The Stone City Art Colony and School 1932-1933
Katharine K. Pearman
 

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Katharine K. [Keeler] Pearman (1888-1961)

Born in Beloit, Wisconsin, Katharine Keeler and her family settled in Rockford, Illinois while she was a child.  Her father, Edwin H. Keeler, was president of the Rockford Lumber and Fuel Company, as well as the city’s first president and organizer of its chamber of commerce.  As her interest in painting developed, Katharine completed all art courses offered by the local, public schools.  Her recognized talents led to an acceptance for art studies at Smith College in Northampton, Massachusetts, an Ivy-League campus for women.  While there, Keeler completed her freshmen and sophomore years (1907-1909) and left campus, never declaring a major.

Upon returning to Rockford, Keeler began her professional life as an art educator and painter.  During the 1920s, she studied with Hugh Breckenridge, an American impressionist painter, and began to exhibit in area venues.  Keeler married Arthur Pearman, a family practitioner; the couple made their home in Rockford, where he worked as the campus physician for Rockford College.  Katharine later attended both sessions of the Stone City colony, arriving with some Chicago-area name recognition due to prizes and showings from the Rockford Art Association (1927-1946) and at the Art Institute of Chicago (1929,1932).  In the late 1930s, she received further training with Francis Chapin, an Art Institute of Chicago and Stone City art colony faculty member, at the Ox-Bow school of art in Saugatuck, Michigan. 

Pearman remained active in Rockford-area art endeavors for the remainder of her life.  A fixture of the local art association, she served as its gallery secretary and for two terms as president; the group is now affiliated with the Rockford Art Museum.  Elected to the Chicago Society of Artists in 1944, Pearman continued to exhibit with regional, notable showings at the Wisconsin Salon of Art (1939-1945), where she won first prize [The Wisconsin Union Purchase Prize] in watercolors for her work “Station at Beloit” (1942) and a second grand purchase prize in watercolors for “Haunted House” (1943).  Other important exhibitions included the Corcoran Gallery of Art [Washington, D.C.] (1941), The Pennsylvania Academy of Fine Arts (1941), and the Carnegie Institute (1941), now known as the Carnegie Museum of Art.  Among her recognitions, Pearman’s oil painting “Watertown” was featured in the 118th annual exhibition (1944) of the National Academy of Design.  Local patrons found her work shown regularly at the Burpee Art Gallery in Rockford (1949-1951; various future years).  The early 1940s also garnered generous praise from the Art Institute of Chicago, where two of her watercolors were included among pieces for the International Water Color Show.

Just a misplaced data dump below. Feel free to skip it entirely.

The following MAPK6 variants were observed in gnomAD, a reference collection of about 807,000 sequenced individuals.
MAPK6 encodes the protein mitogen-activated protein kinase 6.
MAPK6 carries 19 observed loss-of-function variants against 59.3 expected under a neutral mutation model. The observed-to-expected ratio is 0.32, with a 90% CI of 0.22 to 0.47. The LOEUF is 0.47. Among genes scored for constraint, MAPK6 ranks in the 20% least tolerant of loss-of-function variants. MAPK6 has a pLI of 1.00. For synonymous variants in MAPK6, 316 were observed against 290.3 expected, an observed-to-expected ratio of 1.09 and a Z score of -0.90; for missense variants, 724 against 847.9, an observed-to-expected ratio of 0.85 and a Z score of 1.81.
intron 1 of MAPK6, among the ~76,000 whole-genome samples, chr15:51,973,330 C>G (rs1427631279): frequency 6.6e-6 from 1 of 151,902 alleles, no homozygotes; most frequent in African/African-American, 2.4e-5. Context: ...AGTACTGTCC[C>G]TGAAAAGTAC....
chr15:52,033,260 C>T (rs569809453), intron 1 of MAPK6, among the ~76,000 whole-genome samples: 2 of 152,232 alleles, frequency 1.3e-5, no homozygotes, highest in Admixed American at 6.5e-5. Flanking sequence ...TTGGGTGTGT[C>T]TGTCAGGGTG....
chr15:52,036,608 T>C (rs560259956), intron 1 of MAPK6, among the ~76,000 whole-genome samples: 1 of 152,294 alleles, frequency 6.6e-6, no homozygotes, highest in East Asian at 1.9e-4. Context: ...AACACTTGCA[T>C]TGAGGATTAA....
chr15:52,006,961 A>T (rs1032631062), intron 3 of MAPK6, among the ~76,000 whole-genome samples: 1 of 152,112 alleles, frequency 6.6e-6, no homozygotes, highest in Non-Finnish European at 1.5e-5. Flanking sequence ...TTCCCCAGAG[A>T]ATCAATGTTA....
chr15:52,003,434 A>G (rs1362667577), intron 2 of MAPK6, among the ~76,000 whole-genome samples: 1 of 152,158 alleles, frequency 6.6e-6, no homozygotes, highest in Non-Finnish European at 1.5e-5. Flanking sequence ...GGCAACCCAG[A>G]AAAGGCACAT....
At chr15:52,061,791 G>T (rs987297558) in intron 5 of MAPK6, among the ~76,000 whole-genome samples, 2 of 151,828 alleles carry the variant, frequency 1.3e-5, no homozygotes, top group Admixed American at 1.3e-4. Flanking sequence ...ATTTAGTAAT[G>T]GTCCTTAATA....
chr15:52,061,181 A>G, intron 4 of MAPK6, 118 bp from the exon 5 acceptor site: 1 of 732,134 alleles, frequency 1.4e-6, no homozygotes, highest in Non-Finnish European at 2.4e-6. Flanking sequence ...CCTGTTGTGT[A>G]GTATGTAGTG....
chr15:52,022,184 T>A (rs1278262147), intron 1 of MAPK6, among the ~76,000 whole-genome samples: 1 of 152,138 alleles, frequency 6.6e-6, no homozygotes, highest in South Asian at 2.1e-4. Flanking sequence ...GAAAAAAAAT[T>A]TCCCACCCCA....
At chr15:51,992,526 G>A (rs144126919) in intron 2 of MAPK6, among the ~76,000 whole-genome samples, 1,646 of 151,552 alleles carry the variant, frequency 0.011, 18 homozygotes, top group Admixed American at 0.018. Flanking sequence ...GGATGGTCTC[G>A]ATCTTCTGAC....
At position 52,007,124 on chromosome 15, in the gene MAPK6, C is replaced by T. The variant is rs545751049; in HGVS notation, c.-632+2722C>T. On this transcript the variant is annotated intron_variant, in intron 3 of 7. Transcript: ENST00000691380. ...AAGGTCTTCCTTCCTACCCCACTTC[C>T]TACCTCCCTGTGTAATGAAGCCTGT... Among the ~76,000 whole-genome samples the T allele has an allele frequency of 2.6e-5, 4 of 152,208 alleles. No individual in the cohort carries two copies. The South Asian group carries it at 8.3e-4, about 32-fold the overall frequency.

In 1942, Pearman began her teaching career at Rockford College, where she worked as an art instructor, mentoring young students.  At Camp Grant, Illinois, a regional training installation for World War II Army cavalry recruits, she was hired to create murals for the facility’s church in St. Paul’s Chapel.  Pearman returned to full-time painting after leaving Rockford College in 1945.  She remained active in the area’s art association as both a teacher and exhibitor and died in Rockford in February 1961.


 

Katharine K. Pearman. Photo from her obituary. Copyright Rockford Register Star 2005. Used with permission.

Katherine K. Pearman. Copyright Rockford Register Star 2005. Used with permission.

Katherine K. Pearman. Copyright Rockford Register Star 2005. Used with permission.

   

When Tillage Begins: The Stone City Art Colony and School
Published online October 2003 by the
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